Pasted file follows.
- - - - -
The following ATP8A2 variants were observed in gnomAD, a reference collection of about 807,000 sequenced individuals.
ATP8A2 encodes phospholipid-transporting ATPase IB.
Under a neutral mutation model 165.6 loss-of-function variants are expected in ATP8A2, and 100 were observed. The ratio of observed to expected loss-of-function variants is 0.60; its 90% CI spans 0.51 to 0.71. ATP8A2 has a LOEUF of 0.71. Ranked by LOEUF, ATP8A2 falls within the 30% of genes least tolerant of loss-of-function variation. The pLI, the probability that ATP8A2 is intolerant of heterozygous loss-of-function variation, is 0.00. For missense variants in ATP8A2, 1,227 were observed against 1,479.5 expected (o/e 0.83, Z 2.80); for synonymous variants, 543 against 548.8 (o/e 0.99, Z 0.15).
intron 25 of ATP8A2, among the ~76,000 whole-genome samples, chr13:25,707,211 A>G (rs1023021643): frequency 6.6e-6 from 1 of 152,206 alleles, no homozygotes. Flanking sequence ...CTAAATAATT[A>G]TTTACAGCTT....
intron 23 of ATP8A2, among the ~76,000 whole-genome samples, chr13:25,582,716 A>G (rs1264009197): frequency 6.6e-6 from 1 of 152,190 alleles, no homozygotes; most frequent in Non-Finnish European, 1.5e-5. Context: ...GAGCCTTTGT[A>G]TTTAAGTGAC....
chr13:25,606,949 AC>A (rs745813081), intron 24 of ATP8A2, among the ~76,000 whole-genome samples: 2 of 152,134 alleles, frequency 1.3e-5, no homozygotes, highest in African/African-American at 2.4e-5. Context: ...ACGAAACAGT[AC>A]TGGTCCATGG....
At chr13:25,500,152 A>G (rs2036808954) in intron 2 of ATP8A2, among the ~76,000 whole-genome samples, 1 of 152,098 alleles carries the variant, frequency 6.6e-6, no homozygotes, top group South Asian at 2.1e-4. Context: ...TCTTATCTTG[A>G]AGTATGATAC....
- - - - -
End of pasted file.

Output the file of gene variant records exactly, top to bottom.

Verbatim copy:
The following ATP8A2 variants were observed in gnomAD, a reference collection of about 807,000 sequenced individuals.
ATP8A2 encodes phospholipid-transporting ATPase IB.
Under a neutral mutation model 165.6 loss-of-function variants are expected in ATP8A2, and 100 were observed. The ratio of observed to expected loss-of-function variants is 0.60; its 90% CI spans 0.51 to 0.71. ATP8A2 has a LOEUF of 0.71. Ranked by LOEUF, ATP8A2 falls within the 30% of genes least tolerant of loss-of-function variation. The pLI, the probability that ATP8A2 is intolerant of heterozygous loss-of-function variation, is 0.00. For missense variants in ATP8A2, 1,227 were observed against 1,479.5 expected (o/e 0.83, Z 2.80); for synonymous variants, 543 against 548.8 (o/e 0.99, Z 0.15).
intron 25 of ATP8A2, among the ~76,000 whole-genome samples, chr13:25,707,211 A>G (rs1023021643): frequency 6.6e-6 from 1 of 152,206 alleles, no homozygotes. Flanking sequence ...CTAAATAATT[A>G]TTTACAGCTT....
intron 23 of ATP8A2, among the ~76,000 whole-genome samples, chr13:25,582,716 A>G (rs1264009197): frequency 6.6e-6 from 1 of 152,190 alleles, no homozygotes; most frequent in Non-Finnish European, 1.5e-5. Context: ...GAGCCTTTGT[A>G]TTTAAGTGAC....
chr13:25,606,949 AC>A (rs745813081), intron 24 of ATP8A2, among the ~76,000 whole-genome samples: 2 of 152,134 alleles, frequency 1.3e-5, no homozygotes, highest in African/African-American at 2.4e-5. Context: ...ACGAAACAGT[AC>A]TGGTCCATGG....
At chr13:25,500,152 A>G (rs2036808954) in intron 2 of ATP8A2, among the ~76,000 whole-genome samples, 1 of 152,098 alleles carries the variant, frequency 6.6e-6, no homozygotes, top group South Asian at 2.1e-4. Context: ...TCTTATCTTG[A>G]AGTATGATAC....